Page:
The box containing the treasure was not missed tain Dulverton and Mrs. Barnwell arrived in London at the inn; for, as the captain had undertaken to see the luggage shifted at the end of every stage, she entertained no doubt respecting the safety of the box; and he, having never seen it could not miss it. When, however, it missed, there was no small bustle. She was positive they had been robbed of it on the road, since she saw Wake, she said, pul
it into the chaise, than whom there was not an honest, er inan in the world. He, on the other hand, was as positive that there was nothing which resembled either box or trunk when they arrived at the first stage ; so unnecessary to return and inquire about it, as she wanted him to do. This was a tragical beginning.
He had told her that an uncle who had resided in Kent was dead, and left him a noble house and a good estate.
o that it
The plan which they had formed was, to spend a couple of months in London, and then to go and take possession of the estate, and live happily together till the death of my father, when he was to make her his wife. They had not been above a fortnight at ready-furnished lodgings in Covent Garden, for the benefit of being near the playhouses, before the cash ran short, in consequence of which she teased him daily, and almost hourly, to go and take possession of his estate, judiciously observing that it would be disgraceful to borrow money of their tenants at their first arrival among them. After much altercation, he told her in plain terms, that the estate in Kent was not so large but that it would go into the box which she pretended to have lost; and added, that they had outwitted each other. This confession was followed by mutual reproaches; and the most vulgar epithets were not sparingly used. The next morning he arose sooner than usual. Mrs. B. waited for him at breakfast, and, at length, becoming impatient, was told by the mistress of the house that the gentleman had paid for his lodgings about an hour before, and was gone with a porter whom he had brought to remove his things. She immediately trembled for her clothes, which, as she foreboded, he had actually taken away. In this distress, without a shilling, and without any other clothes than those on her back, I am informed that she applied to you, Madam, for the loan of a guinea, and that you gave her lwo, upon her promising to set off the next morning for Barnwell.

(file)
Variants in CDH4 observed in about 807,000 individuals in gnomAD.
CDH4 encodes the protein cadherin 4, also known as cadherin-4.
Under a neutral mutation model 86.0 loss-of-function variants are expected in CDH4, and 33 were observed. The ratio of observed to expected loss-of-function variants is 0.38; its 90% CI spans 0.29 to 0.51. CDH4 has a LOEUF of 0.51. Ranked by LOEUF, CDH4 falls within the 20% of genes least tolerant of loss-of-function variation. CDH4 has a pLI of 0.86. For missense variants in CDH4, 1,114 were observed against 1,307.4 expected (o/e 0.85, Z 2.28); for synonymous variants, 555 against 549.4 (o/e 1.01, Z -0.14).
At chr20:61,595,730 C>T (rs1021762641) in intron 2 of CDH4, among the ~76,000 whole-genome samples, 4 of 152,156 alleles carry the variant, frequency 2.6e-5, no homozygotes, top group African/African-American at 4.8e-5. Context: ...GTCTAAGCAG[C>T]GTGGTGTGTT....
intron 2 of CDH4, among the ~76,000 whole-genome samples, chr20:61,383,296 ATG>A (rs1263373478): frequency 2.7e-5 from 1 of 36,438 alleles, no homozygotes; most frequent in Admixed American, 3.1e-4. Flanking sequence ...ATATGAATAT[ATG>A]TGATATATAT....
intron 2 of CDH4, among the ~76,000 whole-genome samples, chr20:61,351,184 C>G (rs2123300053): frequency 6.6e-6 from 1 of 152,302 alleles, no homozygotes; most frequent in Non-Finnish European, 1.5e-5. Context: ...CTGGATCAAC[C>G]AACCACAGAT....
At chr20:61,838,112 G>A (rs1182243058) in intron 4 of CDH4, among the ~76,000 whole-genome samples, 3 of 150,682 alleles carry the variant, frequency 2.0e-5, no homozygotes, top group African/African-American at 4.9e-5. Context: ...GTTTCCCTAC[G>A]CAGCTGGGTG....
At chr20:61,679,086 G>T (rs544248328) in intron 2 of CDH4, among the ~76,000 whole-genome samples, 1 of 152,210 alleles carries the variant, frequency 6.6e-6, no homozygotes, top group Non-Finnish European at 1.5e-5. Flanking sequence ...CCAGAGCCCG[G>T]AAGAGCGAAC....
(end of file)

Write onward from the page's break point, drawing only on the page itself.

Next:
All this Mr. Pink told my father, at the same timie observing how bitterly she repented: and although he did not directly ask him to take her again, he said that he had no doubt this would be a warning to her; that he had often heard her say how much she esteemed Mr. Barnwell; and that she considered the moment when she first saw the captain as the most unhappy in her life. My father told him that she should never enter his walls any more, at the same time showing him her insolent letter. Mr. Pink made no other reply than that he was very sorry,
It was evening when she arrived from London. Her father, seeing her through the window, locked the door, and would not suffer her to be admitted. She then went to three of my father's tenants, all of whom told her that they could not think of incurring Mr. Barnwell's displeasure by harbouring a person who had used him so ill.
At last she went to the house of poor old Edward Sutton the thrasher, where she was permitted to sit up all night. This man is a hearer of Mr. Lowe. He went in the morning to that good man, and intreated him to intercede with Mr. Pink in behalf of his daughter. Mr. Lowe readily undertook the task, and succeeded; so that she is now with her father and sister.
We are all very much pleased with Miss Levi. She is an amiable young lady. : She said this morning while we were at breakfast, Our people have often attacked my father on account of our becoming Christians, telling him what wicked lives many Christians lead. My father replies, Are there not many wicked Jews? Were not the children of Israel who came out of Egypt very wicked ? Real Christians worship and serve that God whom Abraham worshipped and served. They delight in the writings of Moses, and revere his character. No pious Jew ever loved our Scriptures more than they do. It is not every one who calls himself a Christian, that is a true Christian. True Christians fear and love the God of the Jews : surely then God cannot but love them. If they are the follow. ers of Jesus Christ, it is because they believe him to be che Messiah predicted by the prophets. We all unite in sincere respects to you. I am, my dear qunt, your dutiful niece,
From Mrs. Neville to Mrs. Worthington.
MY DEAR AUNT,
We dined yesterday at Mr. Clifford's.
On Mr. Clifford's saying that his son was very much